The Slave Trade Develops From: Braving the New World, Milestones in Black American History. By the time colonial America started buying and selling captured Africans, black slavery had become an institution in the Spanish and Portuguese colonies in South America and the Caribbean islands. And before slavery reached the New World at all, it had been developing and expanding for centuries. As early as the 9th century, the Arabs of northern Africa were shipping thousands of blacks each year from the fertile lands south of the Sahara desert to the slave markets of the Middle East. Some 500 years later, when Europeans began exploring the world, they, too, entered the market of human souls; using captured blacks, they set out to exploit the newly discovered lands on the far side of the Atlantic. During these centuries, as the slave trade grew and spread, whites came to regard blacks as somehow less than human, a view that seemed to justify their enslavement. In adopting slavery, colonial Americans tapped into this well-established system of slaveholding practices and attitudes. They took advantage of an institution that, to many whites at the time, seemed effective, natural, and morally acceptable. Thus, to understand how and why slavery took firm root in America, it is essential first to understand how the exploitation of African blacks became so systematic, widespread, and accepted in both the Old and New Worlds. Before the 9th century, the institution of slavery was widespread but not associated with specific races or ethnic groups. Most slaves were war captives; in Europe as in Africa, the victors of a conflict routinely enslaved their defeated opponents. Whites enslaved whites; blacks enslaved blacks. A slave was expected to do the bidding of his or her master because the act of conquest had established the master’s superior strength. Thus, the prevailing view was that slaves, regardless of skin color and ethnicity, were persons of lesser strength and legal status. This view began to change, however, in the years following the creation of a vast Muslim empire in the 7th and 8th centuries. Adhering to the religious doctrines of the prophet Muhammad, Muslim Arab armies conquered lands from the Persian Gulf in the Middle East, across northern Africa, and into what is now southern Spain. The Arabs built a high culture that included large cities, magnificent palaces, complex political systems and laws, and centers of learning that produced fine literature and scientific knowledge. As the Muslim empire expanded, it came into contact with the less advanced black cultures south of the Sahara. The Arabs looked on these cultures as inferior to their own. More important, they began to correlate this perceived inferiority with difference in skin color, deciding that because the blacks had a less advanced type of culture, they must be less advanced as a race. Thus, when they sought slave laborers— Islamic law forbade Muslims to enslave one another— they looked toward black Africa. A lucrative slave trade grew rapidly as Arab slavers captured blacks in both eastern and western Africa and exported them to the Middle East and other Arab lands. As historian John B. Boles explains in his study of slavery, Black Southerners, Black slaves were increasingly forced into … back-breaking labor in the salt and copper mines of North Africa and the sugarcane plantations of Egypt and southern Iraq. Blackness now came to be synonymous with slavery as the original Arabic word for slave, abd, evolved to mean simply a black man. A substantial market for African slaves outside Africa … had arisen, and concurrently the African had acquired the image of the natural slave. Both developments were to prove significant for initial European encounters with Africa and subsequently for the New World slave systems. Ironically, blacks participated in the Arab trade in black slaves. This self -contradictory situation started toward the end of the 11th century, when the Islamic faith began to spread beyond the Arab lands’ southern borders and into sub-Saharan Africa. In 1086, for example, King Umme June of the West African nation of Kanem-Bornu converted to Islam. June began to establish close ties with Arab states to the north, even encouraging his people to make pilgrimages to the city of Mecca, Islam’s spiritual capital. A later Kanemite king, Idris Alooma, made the pilgrimage himself and set up hostels in Mecca for black pilgrims. He also built mosques (Muslim houses of worship) in Kanem and instituted Muslim social and moral reforms, including strict laws against adultery and obscenity. As Muslims, the Kanemites were safe from enslavement by the Arab Muslims to the north. Indeed, Kanem became so closely tied to the Arabs that its residents readily supplied Arab slavers with black captives, prisoners of war taken in Kanem’s raids on its non-Muslim southern neighbors. Although the captives were of the same race, the Kanemites viewed them as inferior because they were not Muslims. Thus Kanem, under Idris Alooma and other leaders, became part of the trans-Saharan slave pipeline that carried countless thousands of native Africans to servitude in strange, faraway lands. For a few hundred years the black slave trade remained for the most part an exclusively Arab enterprise. In Europe slavery was not as widespread as in Arab lands, mainly because of the European feudal system. Feudal lords, usually well-to-do landowners, relied for labor on their serfs, tenant farmers who worked the land in exchange for the lords’ protection. The relatively few slaves were still war captives whose status was defined by such factors as nationality or religion rather than race. For instance, Christians commonly enslaved Muslims and vice versa. Such captives more than filled Europe’s limited needs for slave labor. Eventually, however, the decline of feudalism and new and vigorous economic growth in many parts of Europe stimulated a desire for increased slave labor. In the 14th century the prosperous Italian kingdom of Genoa became the first European state to recognize the potential of the black slave trade. After studying the Arabs’ profitable sugarcane markets, Genoese merchants became eager to establish sugarcane plantations on the Mediterranean island of Cyprus. An important key to the Arabs’ success appeared to be their large-scale use of relatively cheap black slaves. Following the Arabs’ lead, the Genoese began importing large numbers of blacks, within a few decades creating a thriving sugar industry that greatly expanded the European sugar market. In the process, the idea that blacks were inferior and natural slaves transferred itself to Europe. The Portuguese, who soon became maritime and economic rivals of the Genoese, now began to seek their own share of the lucrative sugar market. In the early 1400s Portuguese navigators outfitted their ships with the triangular lanteen sail, an innovation borrowed from the Arabs. This new technology made the ships maneuverable in winds blowing from any direction, allowing the Portuguese to master the complex wind patterns of the islands and coasts of western Africa. The Muslims called these coasts Bilad Ghana, or “land of wealth,” because many of the area’s natives traded both ivory and gold. Careless pronunciation by European sailors soon twisted Bilad Ghana into “Guinea,” the name that western Africa would bear for centuries to come. Soon after Portugal mastered African waters, Portuguese slavers began raiding Guinea and taking black captives. At first the slavers brought most of these slaves back to Portugal, where they became laborers on sugar plantations as well as household servants and other kinds of workers. In the mid-1400s Gomez de Azurara, who worked for the Portuguese royal court, wrote his Chronicle of the Discovery and Conquest of Guinea, in which he described the first Africans brought to Portugal. According to Azurara, They never more tried to fly [flee], but rather in time forgot all about their own country. They were very loyal and obedient servants, without malice.… After they began to use clothing they were for the most part very fond of display, so that they took great delight in robes of showy colors, and such was their love of finery that they picked up the rags that fell from the coats of other people of the country and sewed them on their own crude garments, taking great pleasure in these, as though it were matter of some greater Perfection. The Portuguese branch of the slave trade continued to expand. In the 1450s Portuguese investors set up large Genoese-style sugarcane plantations on Madeira and the Canary Islands, located off the coast of northwestern Africa. At first the slave workforce consisted primarily of native islanders and Muslim war captives. But when these prisoners declined in numbers due to disease and other factors, the planters began importing black slaves, some directly from Africa and others who had already been “broken in” on plantations in Portugal. Shortly before 1500 Portugal opened a huge sugarcane industry on Sao Thomé, an island on the equator about 200 miles off the African coast. Because of the large number of slaves used and massive amounts of sugar produced, the Sao Thomé venture constituted the height of the European-African slave system. The island’s industry was also significant in that it used almost exclusively slaves imported directly from the West African coast. Sao Thomé’s design, operation, and slave system became the chief model for the Caribbean plantations that would soon follow. The Spanish organized the first of these New World sugarcane industries on the island of Hispaniola, east of Cuba, and began importing African slaves in 1502. At first black slavery grew slowly in the area, largely because the Spanish plantations were not immediately successful. Their early failure to prosper resulted from the Spaniards’ shifting of their resources and energies into exploiting the gold and other treasures reportedly possessed by the natives of Central America. Also, Spanish planters initially felt it was more economical to enslave these natives than to import blacks from across the ocean. Because of limited Spanish sugar production, later in the century the enterprising Portuguese managed to capture the New World sugar market. Portugal built a large-scale sugarcane industry in Brazil, which by 1600 was known as the world’s “sugar bowl.” As in the past, the Portuguese system relied heavily on black slaves imported directly from Africa. In the first few decades of the 17th century the sugar industry, which had been growing slowly but steadily for centuries, suddenly exploded in size, scope, and profitability. And the black slave trade, which supplied the labor that was the backbone of this industry, grew in corresponding measure. One reason for this “sugar revolution” was that rising populations and standards of living in Europe increased demands for the substance. In turn, the huge mass production that ensued made sugar more affordable and stimulated demand still further. The Portuguese, Spanish, and Dutch all vied for shares of the exploding sugar market. And England and France, whose New World economic interests had previously been confined largely to the North American mainland, also rushed to acquire pieces of the market. The English established their first sugar colony on Barbados in 1627. Various European nations followed suit on other Caribbean islands, including Jamaica, St. Croix, Guadeloupe, and San Domingo. The vast wealth produced by the plantations on these “sugar islands” helped finance the worldwide empires that England and other European powers built in the following century. All this economic growth was made possible by the use of mass black slave labor. The number of African slaves imported into the sugar islands was staggering. By 1643, only 16 years after first colonizing Barbados, the English had already imported some 6,000 blacks; by 1667 that number had grown to 40,000, nearly twice the number of whites on the island. Other Caribbean islands also imported and exploited large numbers of blacks. On Jamaica, for example, the slave population grew from only a few hundred in 1655 to nearly 211,000 in 1787. Of the estimated total of 12 million Africans brought in chains to the New World between 1450 and 1870, fully half went to the sugar islands and at least another 25 percent to Portuguese sugar plantations in Brazil. The English colonies on the American mainland were the last New World settlements to take advantage of the well-established African slave trade. Even after they began importing slaves, these colonies did so much more slowly and on a far smaller scale than did the sugar island colonies. “It was in the backwash of this dynamic Caribbean sugar boom,” John Boles points out, “that slavery developed on the North American mainland.” As late as 1615, when Spain and Portugal were regularly exploiting Africans in all their New World colonies, the North American colonies, partly because their climate was not amenable to growing sugar, had no black slaves at all. Then, in 1619, as scholar J. Saunders Redding describes it in his book They Came in Chains, a ship made a fateful landing at Jamestown in the English colony of Virginia: Sails furled, flag drooping at her rounded stern, she rode the tide in from the sea. She was a strange ship, indeed.… Whether she was a trader, privateer, or man-of-war no one knows.… She came, she traded, and shortly afterwards was gone. Probably no ship in modem history has carried a more portentous freight. Her cargo? Twenty slaves.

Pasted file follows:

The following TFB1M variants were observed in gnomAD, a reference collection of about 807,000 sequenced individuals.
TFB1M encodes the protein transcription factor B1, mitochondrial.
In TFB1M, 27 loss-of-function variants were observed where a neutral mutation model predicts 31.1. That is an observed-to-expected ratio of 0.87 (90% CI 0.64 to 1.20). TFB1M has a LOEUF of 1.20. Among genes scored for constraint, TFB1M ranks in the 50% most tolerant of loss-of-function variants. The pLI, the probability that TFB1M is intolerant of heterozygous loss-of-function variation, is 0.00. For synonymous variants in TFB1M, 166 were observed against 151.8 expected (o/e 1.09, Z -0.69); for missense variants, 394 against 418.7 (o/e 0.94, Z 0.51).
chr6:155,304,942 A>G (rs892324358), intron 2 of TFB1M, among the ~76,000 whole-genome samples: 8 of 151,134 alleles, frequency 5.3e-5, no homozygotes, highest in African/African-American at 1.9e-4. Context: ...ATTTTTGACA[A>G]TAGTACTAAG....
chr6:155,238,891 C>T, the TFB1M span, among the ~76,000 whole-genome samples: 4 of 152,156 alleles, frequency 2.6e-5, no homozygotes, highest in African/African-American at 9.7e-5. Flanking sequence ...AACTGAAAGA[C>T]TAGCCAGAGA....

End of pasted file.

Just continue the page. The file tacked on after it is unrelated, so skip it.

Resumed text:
Text Citation: Nardo, Don. “Sugar Revolution: The Slave Trade Develops.” Braving the New World, Milestones in Black American History. New York: Chelsea House Publishing, 1995. (Updated 2006.) African-American History Online. Facts On File, Inc. ItemID=WE01&iPin=milestones010&SingleRecord=True (accessed February 22, 2011). How to Cite Return to Top Record URL: ItemID=WE01&iPin=milestones010&SingleRecord=True